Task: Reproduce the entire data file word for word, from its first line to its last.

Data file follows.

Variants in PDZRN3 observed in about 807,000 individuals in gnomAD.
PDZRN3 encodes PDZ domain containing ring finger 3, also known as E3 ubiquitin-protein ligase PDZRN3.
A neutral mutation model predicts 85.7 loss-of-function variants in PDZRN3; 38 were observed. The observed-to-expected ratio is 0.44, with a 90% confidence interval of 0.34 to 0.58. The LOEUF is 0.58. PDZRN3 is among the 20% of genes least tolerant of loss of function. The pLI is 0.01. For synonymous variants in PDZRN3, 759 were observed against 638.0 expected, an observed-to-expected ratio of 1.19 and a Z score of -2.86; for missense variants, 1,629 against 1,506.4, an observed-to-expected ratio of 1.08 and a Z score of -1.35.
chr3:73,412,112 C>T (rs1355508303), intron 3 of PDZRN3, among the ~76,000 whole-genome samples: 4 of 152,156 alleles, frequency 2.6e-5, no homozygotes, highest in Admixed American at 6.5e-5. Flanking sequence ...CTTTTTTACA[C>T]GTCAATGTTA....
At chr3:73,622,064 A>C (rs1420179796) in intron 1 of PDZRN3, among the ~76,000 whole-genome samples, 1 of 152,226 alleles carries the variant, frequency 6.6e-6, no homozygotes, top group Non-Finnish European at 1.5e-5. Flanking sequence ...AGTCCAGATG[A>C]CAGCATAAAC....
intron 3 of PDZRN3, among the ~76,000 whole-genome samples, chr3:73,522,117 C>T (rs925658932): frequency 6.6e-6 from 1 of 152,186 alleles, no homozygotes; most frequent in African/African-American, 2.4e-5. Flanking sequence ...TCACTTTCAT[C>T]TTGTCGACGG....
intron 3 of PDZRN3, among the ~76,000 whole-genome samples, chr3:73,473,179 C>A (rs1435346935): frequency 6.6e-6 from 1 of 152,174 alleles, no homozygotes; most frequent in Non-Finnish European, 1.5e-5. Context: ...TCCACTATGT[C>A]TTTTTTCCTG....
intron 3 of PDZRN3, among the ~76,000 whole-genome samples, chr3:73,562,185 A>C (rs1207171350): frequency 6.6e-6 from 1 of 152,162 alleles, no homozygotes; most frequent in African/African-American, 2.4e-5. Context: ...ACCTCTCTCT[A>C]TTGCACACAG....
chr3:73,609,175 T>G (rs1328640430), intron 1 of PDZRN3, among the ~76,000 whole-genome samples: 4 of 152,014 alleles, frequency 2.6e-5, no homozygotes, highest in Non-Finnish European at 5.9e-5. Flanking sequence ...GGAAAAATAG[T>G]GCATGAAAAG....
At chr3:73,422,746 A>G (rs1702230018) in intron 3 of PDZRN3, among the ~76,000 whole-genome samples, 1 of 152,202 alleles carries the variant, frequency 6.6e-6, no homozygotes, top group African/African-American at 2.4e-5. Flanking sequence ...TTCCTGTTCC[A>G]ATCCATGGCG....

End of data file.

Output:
Variants in PDZRN3 observed in about 807,000 individuals in gnomAD.
PDZRN3 encodes PDZ domain containing ring finger 3, also known as E3 ubiquitin-protein ligase PDZRN3.
A neutral mutation model predicts 85.7 loss-of-function variants in PDZRN3; 38 were observed. The observed-to-expected ratio is 0.44, with a 90% confidence interval of 0.34 to 0.58. The LOEUF is 0.58. PDZRN3 is among the 20% of genes least tolerant of loss of function. The pLI is 0.01. For synonymous variants in PDZRN3, 759 were observed against 638.0 expected, an observed-to-expected ratio of 1.19 and a Z score of -2.86; for missense variants, 1,629 against 1,506.4, an observed-to-expected ratio of 1.08 and a Z score of -1.35.
chr3:73,412,112 C>T (rs1355508303), intron 3 of PDZRN3, among the ~76,000 whole-genome samples: 4 of 152,156 alleles, frequency 2.6e-5, no homozygotes, highest in Admixed American at 6.5e-5. Flanking sequence ...CTTTTTTACA[C>T]GTCAATGTTA....
At chr3:73,622,064 A>C (rs1420179796) in intron 1 of PDZRN3, among the ~76,000 whole-genome samples, 1 of 152,226 alleles carries the variant, frequency 6.6e-6, no homozygotes, top group Non-Finnish European at 1.5e-5. Flanking sequence ...AGTCCAGATG[A>C]CAGCATAAAC....
intron 3 of PDZRN3, among the ~76,000 whole-genome samples, chr3:73,522,117 C>T (rs925658932): frequency 6.6e-6 from 1 of 152,186 alleles, no homozygotes; most frequent in African/African-American, 2.4e-5. Flanking sequence ...TCACTTTCAT[C>T]TTGTCGACGG....
intron 3 of PDZRN3, among the ~76,000 whole-genome samples, chr3:73,473,179 C>A (rs1435346935): frequency 6.6e-6 from 1 of 152,174 alleles, no homozygotes; most frequent in Non-Finnish European, 1.5e-5. Context: ...TCCACTATGT[C>A]TTTTTTCCTG....
intron 3 of PDZRN3, among the ~76,000 whole-genome samples, chr3:73,562,185 A>C (rs1207171350): frequency 6.6e-6 from 1 of 152,162 alleles, no homozygotes; most frequent in African/African-American, 2.4e-5. Context: ...ACCTCTCTCT[A>C]TTGCACACAG....
chr3:73,609,175 T>G (rs1328640430), intron 1 of PDZRN3, among the ~76,000 whole-genome samples: 4 of 152,014 alleles, frequency 2.6e-5, no homozygotes, highest in Non-Finnish European at 5.9e-5. Flanking sequence ...GGAAAAATAG[T>G]GCATGAAAAG....
At chr3:73,422,746 A>G (rs1702230018) in intron 3 of PDZRN3, among the ~76,000 whole-genome samples, 1 of 152,202 alleles carries the variant, frequency 6.6e-6, no homozygotes, top group African/African-American at 2.4e-5. Flanking sequence ...TTCCTGTTCC[A>G]ATCCATGGCG....